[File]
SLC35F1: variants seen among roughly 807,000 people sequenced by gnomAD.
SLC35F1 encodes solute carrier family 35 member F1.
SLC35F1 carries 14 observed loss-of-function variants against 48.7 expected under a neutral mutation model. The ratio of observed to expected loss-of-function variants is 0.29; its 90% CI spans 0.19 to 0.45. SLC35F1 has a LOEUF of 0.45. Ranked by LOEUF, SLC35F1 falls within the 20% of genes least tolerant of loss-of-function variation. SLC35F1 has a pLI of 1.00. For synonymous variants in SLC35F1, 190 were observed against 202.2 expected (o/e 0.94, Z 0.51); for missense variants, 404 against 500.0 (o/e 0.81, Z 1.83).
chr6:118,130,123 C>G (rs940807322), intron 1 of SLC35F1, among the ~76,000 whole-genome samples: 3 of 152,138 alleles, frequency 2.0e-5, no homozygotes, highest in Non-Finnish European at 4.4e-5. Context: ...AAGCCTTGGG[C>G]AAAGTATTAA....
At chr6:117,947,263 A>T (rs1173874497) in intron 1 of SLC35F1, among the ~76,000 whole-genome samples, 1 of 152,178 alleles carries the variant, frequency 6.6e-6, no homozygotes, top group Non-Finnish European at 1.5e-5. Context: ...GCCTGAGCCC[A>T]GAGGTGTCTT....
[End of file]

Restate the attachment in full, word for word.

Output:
SLC35F1: variants seen among roughly 807,000 people sequenced by gnomAD.
SLC35F1 encodes solute carrier family 35 member F1.
SLC35F1 carries 14 observed loss-of-function variants against 48.7 expected under a neutral mutation model. The ratio of observed to expected loss-of-function variants is 0.29; its 90% CI spans 0.19 to 0.45. SLC35F1 has a LOEUF of 0.45. Ranked by LOEUF, SLC35F1 falls within the 20% of genes least tolerant of loss-of-function variation. SLC35F1 has a pLI of 1.00. For synonymous variants in SLC35F1, 190 were observed against 202.2 expected (o/e 0.94, Z 0.51); for missense variants, 404 against 500.0 (o/e 0.81, Z 1.83).
chr6:118,130,123 C>G (rs940807322), intron 1 of SLC35F1, among the ~76,000 whole-genome samples: 3 of 152,138 alleles, frequency 2.0e-5, no homozygotes, highest in Non-Finnish European at 4.4e-5. Context: ...AAGCCTTGGG[C>G]AAAGTATTAA....
At chr6:117,947,263 A>T (rs1173874497) in intron 1 of SLC35F1, among the ~76,000 whole-genome samples, 1 of 152,178 alleles carries the variant, frequency 6.6e-6, no homozygotes, top group Non-Finnish European at 1.5e-5. Context: ...GCCTGAGCCC[A>T]GAGGTGTCTT....